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April 04, 2011

SEXUAL ASSAULT PREVENTION AND RESPONSE (SAPR) "The larger effects of sexual assault are broad and deep. [They] create lasting physical and emotional trauma to the survivors, and those persist long after the attack. It's corrosive to morale and to our operational and combat readiness." – Secretary of the Navy Ray Mabus

Sexual Assault Awareness Month • April is National Sexual Assault Awareness Month (SAAM) and presents an opportunity for units around the world to dedicate focused attention on the importance of eliminating this crime. The Department of Defense theme is: “Hurts one. Affects all. Preventing sexual assault is everyone’s duty.” Sexual assault is a crime that devastates victims, undermines teamwork, threatens unit cohesiveness, and ultimately reduces fleet readiness. Awareness through education, training and leadership is vital to the success of the Navy’s prevention and response program. Sexual Assault Is a Crime that Will Not Be Tolerated • The Navy’s “zero tolerance” sexual assault policy requires support from all Sailors – from the deck plates to the blue tile – to successfully eliminate sexual assaults from the Navy. • Sexual assault is a crime that is detrimental to readiness, retention, and morale. It attacks the human dignity of our people and is inconsistent with the Navy Ethos and Core Values. • Victims of sexual assault should be directed to the Safe Helpline website or call 877-995-5247 for support and confidential guidance. Eliminating Sexual Assault from Our Ranks Is an All Hands Effort • The Navy is dedicated to establishing a culture and work environment that is safe and sexual assault-free. • The implementation of Bystander Intervention (BI) training is key to preventing sexual assaults before they occur. • The Navy is committed to training its people to understand and recognize when a situation may lead to sexual assault. Shipmates should look out for one another and prevent harm before it occurs. • Alcohol is associated with many sexual assault cases, as offenders often victimize and target individuals who are under the influence of alcohol. Stopping alcohol abuse in the Navy and Marine Corps will vastly impact and decrease the number of sexual assaults in the Department of the Navy. Navy Leadership Must Educate Sailors, Respond to Victims and Hold Offenders Accountable. • Leadership should recognize SAAM within their commands and dedicate focused attention on the importance of eliminating sexual assaults in their organizations and throughout the Navy. • Justice is upheld through the reporting, investigation, prosecution and defense process.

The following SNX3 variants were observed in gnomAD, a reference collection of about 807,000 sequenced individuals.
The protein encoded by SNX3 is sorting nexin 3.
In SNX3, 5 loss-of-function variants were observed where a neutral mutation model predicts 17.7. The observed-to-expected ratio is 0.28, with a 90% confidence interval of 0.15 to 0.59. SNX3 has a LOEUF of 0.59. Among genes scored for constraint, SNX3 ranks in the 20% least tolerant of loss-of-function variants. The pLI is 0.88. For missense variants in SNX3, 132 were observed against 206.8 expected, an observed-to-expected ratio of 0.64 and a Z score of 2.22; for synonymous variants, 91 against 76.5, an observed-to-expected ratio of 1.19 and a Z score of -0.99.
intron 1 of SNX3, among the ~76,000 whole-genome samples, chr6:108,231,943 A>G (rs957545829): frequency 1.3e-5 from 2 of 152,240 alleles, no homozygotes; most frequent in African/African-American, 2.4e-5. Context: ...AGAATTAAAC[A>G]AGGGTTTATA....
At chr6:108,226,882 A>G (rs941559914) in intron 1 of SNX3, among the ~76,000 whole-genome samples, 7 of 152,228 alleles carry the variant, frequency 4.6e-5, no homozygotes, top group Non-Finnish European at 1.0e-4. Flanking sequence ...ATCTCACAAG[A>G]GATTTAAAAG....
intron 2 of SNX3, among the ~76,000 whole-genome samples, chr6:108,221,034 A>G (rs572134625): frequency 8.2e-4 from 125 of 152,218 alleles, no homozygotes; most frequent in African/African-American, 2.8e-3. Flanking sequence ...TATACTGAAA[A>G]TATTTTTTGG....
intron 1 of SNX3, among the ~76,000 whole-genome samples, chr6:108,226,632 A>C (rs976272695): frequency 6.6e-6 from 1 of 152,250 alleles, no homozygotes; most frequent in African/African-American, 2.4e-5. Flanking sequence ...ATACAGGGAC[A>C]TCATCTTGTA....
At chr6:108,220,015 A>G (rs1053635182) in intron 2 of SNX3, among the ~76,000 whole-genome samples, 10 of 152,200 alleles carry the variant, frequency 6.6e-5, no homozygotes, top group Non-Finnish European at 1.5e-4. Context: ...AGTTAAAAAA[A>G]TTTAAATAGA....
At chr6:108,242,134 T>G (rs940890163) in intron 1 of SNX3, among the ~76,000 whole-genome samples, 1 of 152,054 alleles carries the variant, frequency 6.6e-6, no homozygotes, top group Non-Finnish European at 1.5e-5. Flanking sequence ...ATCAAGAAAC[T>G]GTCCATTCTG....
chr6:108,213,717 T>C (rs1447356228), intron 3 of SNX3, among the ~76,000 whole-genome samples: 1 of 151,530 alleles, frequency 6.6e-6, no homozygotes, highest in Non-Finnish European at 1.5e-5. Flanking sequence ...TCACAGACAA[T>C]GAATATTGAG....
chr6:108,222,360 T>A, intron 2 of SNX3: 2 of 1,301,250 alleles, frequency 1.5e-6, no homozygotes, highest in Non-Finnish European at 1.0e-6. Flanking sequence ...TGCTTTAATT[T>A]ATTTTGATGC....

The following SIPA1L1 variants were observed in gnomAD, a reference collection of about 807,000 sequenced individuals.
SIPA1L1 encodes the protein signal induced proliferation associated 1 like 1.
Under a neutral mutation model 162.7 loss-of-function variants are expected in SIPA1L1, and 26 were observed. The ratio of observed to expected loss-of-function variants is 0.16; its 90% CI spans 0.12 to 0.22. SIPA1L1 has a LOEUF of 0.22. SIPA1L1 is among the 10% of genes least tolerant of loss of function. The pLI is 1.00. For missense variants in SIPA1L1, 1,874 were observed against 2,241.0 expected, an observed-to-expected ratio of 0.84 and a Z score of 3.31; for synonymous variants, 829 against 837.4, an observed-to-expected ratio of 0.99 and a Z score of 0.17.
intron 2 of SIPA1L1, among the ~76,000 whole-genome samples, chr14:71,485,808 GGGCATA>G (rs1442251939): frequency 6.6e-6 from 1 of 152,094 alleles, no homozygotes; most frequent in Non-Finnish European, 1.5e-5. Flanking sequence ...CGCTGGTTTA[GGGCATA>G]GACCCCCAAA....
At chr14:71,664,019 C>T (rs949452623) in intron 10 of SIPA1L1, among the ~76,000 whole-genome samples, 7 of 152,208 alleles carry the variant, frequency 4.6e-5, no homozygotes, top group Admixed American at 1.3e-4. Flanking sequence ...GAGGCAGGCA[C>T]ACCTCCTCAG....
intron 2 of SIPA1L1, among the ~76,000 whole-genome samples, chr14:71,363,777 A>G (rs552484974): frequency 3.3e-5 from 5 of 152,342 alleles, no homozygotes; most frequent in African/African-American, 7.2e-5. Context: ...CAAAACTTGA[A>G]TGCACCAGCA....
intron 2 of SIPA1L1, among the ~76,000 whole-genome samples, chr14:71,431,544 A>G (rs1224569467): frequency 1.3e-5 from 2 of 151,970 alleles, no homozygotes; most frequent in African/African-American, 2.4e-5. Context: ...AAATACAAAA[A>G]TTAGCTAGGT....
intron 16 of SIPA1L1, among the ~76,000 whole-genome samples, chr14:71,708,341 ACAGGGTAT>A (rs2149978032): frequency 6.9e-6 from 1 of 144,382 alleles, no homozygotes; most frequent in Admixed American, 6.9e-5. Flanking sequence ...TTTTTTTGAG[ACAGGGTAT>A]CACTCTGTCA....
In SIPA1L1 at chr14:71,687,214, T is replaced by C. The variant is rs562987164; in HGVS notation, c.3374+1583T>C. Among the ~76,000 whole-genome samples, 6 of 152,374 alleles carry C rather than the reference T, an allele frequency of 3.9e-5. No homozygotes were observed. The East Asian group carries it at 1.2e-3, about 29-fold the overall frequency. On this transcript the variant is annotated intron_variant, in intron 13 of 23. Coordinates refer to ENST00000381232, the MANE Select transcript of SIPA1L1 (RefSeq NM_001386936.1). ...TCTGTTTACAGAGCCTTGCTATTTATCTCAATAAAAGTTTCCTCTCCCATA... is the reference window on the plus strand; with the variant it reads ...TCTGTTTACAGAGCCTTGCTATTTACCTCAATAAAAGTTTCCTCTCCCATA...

Key Messages • The Navy must reinforce a zero tolerance environment for sexual assaults. • The SAPR program focuses on prevention, training, victim advocacy, and accountability. • Creating a safe, sexual-assault-free environment is an all-hands effort. • Sexual Assault Awareness Month presents an opportunity for units around the world to dedicate focused attention on the importance of eliminating sexual assault.

Facts & Figures In fiscal year 2010, the Navy averaged 37 reported sexual assaults every month – the actual number of incidents is believed to be higher. • Navy sexual assault victims and perpetrators come in all ranks, ages and genders. 65 percent of Navy cases were Sailor-on-Sailor attacks. Most victims knew their attacker. • The largest victim and known offender demographic is E1E4, 20-24 years old. • For training aids and resources on the SAPR program visit www.SAPR.mil. •


Sexual Assault Prevention and Response